People want to help others. People are positive and want to do other things to help others. And so if you don’t go ask there, they’re going to, that are not going to be willing to do that. They’re not going to just be thinking to do, go do that. And so wherever you are out there, if you’re looking for one person. Just go ahead and ask, go ask your manager, go ask your peer, go talk to someone. You’d be surprised how many people want to help, 

  Chris: 17:02 

I’m gonna try to ask this question the right way in Nirpal. So you have the title of director of industry sales, and people may have certain perceptions when they see that sales title and they may not all be positive. So if there, if you had a chance to debunk some myths around, what you do and sales in general, what would that be? 

Nirpal: 17:27 

So my kids still think I’m a car salesman. They still don’t know what the heck I do because I keep telling them I’m in sales and they’re like, and then the follow up now is, “Oh, so you’re like Michael Scott.” So that’s our now follow up to it as well, in our space and what we do we’re problem solvers. That’s what we’re trying to do.

Someone has an issue that they’re trying to solve. Whatever it may be. It could be a small as an I’m trying to get this conveyor going faster, or it can be as complex as I’m trying to get more production through my entire manufacturing facility. That’s what I do. That’s I wake up and my team wakes up saying, “Hey, someone’s got some kind of issue that we know we can solve, that we can do, and we can help them be better. Let’s go help them. Let’s go talk to them. Let’s go figure it out. Let’s go really understand it. And let’s go see if we can help them solve that issue.” That’s what we really do.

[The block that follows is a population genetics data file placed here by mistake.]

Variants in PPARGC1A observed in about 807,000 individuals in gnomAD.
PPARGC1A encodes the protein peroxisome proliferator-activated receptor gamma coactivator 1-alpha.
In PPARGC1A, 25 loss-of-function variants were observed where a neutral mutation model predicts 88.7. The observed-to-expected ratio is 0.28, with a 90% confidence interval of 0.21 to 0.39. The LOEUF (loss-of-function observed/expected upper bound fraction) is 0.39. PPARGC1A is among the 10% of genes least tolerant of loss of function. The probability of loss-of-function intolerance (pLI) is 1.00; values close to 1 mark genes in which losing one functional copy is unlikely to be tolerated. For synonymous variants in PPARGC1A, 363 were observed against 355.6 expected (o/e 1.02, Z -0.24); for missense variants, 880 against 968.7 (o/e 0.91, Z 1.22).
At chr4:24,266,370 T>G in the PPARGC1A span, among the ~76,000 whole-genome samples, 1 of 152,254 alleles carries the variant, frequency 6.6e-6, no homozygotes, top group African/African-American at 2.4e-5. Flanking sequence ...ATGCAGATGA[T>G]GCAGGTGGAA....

That if I could change my title to be their problem solver, or as I’ve always tried to change it to master of the universe, because I just always loved He-Man when I was a kid. 

Chris: 18:33 

That’s right. We had a guest in manufacturing on that we record it with and he said, he’s looking for a customer advocate and I thought that was an interesting title. He said, “I’d like for you guys in sales to change your titles to customer advocates cause that’s what I’m looking for as an end user is somebody who’s going to help me understand my problems, help me understand how to sell this internally up, to get their approval and things like,” I just thought that was an interesting take.

Nirpal: 18:58 

I think that’s actually probably the best title you can know to someone, because again, problem-solver makes it seem okay so if I got a leak in my faucet, are you going to solve that? But if you’re talking about it from a customer advocate, think about it this way. You’re on Amazon right now and you’re trying to do something.

That’s all they think about is, “Hey, you need something here. We got it.” If you don’t need it, or if you’re having an issue with it, “Hey, we’ll solve that.” They’re just customer advocates. That’s what they’re doing. 

Chris: 19:22 

That’s right. So I got one more question about work Nirpal, and then we’ll get off the work path and have some fun outside of work. So when you’re in that moment, things are really going well. You’re feel like you’re doing the work that you enjoy the most. You’re really feeling joy and happiness and you’re feeling fulfillment. What are you doing in those moments, 

Nirpal: 19:43